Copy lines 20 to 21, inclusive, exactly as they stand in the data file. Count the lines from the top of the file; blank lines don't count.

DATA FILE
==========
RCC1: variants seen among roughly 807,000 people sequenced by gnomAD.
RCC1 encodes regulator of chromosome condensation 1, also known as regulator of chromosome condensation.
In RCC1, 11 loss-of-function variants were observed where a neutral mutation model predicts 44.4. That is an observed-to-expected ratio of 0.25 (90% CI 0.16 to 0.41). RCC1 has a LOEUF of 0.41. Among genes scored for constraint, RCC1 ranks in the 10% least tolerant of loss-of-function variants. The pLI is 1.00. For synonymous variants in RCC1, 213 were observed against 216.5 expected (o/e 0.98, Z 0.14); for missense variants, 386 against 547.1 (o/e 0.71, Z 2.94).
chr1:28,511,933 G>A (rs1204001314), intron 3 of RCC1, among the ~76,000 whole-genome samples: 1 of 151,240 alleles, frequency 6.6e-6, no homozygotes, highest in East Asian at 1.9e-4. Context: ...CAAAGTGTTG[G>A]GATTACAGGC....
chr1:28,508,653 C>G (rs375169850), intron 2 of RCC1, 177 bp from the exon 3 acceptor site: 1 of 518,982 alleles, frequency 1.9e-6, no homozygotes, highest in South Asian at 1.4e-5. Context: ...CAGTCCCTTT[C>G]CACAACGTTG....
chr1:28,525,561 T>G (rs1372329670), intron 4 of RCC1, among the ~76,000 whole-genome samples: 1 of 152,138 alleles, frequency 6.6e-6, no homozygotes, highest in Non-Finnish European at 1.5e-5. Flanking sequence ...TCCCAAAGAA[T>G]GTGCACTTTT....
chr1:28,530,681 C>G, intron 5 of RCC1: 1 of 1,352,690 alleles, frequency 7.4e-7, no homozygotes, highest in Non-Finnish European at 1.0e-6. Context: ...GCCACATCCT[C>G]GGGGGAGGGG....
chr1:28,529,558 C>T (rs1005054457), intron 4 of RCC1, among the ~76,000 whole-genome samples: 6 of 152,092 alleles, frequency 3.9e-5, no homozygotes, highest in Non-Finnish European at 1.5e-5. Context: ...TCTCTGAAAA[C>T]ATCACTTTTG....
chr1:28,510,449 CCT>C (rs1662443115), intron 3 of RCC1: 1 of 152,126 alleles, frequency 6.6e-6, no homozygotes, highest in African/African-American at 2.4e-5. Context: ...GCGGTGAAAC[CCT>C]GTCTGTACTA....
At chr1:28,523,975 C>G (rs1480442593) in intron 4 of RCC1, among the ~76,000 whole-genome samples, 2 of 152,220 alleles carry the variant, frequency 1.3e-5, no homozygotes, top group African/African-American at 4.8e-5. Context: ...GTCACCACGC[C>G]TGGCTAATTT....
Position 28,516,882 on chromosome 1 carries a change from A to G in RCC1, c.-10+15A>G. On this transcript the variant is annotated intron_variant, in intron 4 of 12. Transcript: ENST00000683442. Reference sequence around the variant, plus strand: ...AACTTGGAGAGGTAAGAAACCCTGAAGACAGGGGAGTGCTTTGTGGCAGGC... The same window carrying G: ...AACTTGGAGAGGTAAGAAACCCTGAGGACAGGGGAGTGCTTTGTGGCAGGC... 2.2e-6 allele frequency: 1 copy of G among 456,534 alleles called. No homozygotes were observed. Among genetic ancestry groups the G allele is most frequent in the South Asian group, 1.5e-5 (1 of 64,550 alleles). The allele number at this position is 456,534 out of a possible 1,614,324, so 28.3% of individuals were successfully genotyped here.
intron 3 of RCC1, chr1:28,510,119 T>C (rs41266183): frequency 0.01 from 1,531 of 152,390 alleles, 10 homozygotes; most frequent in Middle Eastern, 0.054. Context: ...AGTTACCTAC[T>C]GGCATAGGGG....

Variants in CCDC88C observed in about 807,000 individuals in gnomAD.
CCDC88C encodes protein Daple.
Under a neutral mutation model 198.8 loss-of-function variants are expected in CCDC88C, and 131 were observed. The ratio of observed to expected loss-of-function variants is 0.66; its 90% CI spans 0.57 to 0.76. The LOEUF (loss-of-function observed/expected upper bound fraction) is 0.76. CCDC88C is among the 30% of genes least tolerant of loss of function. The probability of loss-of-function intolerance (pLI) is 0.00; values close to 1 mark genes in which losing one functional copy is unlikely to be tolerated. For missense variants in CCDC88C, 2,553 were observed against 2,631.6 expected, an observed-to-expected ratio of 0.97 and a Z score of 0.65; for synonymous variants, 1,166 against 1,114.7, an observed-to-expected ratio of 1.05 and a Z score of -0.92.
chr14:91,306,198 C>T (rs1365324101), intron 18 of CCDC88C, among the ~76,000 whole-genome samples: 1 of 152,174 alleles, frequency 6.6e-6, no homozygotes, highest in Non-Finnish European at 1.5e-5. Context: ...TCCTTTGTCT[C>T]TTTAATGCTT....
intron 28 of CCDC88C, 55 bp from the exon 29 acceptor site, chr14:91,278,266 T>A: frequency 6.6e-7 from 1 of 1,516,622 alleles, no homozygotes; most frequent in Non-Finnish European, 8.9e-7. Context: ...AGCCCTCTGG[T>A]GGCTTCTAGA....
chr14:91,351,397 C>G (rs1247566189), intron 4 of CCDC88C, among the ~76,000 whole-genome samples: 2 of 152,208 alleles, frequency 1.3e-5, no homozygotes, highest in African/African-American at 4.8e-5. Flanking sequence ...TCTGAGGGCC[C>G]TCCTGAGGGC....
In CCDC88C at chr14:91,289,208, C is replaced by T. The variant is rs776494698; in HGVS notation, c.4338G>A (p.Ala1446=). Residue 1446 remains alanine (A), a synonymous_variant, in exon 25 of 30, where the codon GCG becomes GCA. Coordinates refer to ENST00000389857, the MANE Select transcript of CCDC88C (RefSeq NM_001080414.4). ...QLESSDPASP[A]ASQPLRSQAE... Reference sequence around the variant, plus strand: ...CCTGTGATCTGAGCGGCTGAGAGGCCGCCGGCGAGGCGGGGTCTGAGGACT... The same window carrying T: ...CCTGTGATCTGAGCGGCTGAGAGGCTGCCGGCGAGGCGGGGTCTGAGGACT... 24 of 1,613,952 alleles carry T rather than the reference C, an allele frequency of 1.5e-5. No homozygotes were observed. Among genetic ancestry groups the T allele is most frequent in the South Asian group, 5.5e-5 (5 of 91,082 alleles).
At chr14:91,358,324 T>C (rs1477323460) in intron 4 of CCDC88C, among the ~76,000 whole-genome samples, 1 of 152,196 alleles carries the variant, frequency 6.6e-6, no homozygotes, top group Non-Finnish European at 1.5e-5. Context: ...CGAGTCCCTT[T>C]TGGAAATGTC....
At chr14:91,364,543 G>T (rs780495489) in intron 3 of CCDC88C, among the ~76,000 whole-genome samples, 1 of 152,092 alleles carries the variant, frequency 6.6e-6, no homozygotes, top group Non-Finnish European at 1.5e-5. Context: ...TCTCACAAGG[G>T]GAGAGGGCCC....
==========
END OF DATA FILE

At chr14:91,358,324 T>C (rs1477323460) in intron 4 of CCDC88C, among the ~76,000 whole-genome samples, 1 of 152,196 alleles carries the variant, frequency 6.6e-6, no homozygotes, top group Non-Finnish European at 1.5e-5. Context: ...CGAGTCCCTT[T>C]TGGAAATGTC....
At chr14:91,364,543 G>T (rs780495489) in intron 3 of CCDC88C, among the ~76,000 whole-genome samples, 1 of 152,092 alleles carries the variant, frequency 6.6e-6, no homozygotes, top group Non-Finnish European at 1.5e-5. Context: ...TCTCACAAGG[G>T]GAGAGGGCCC....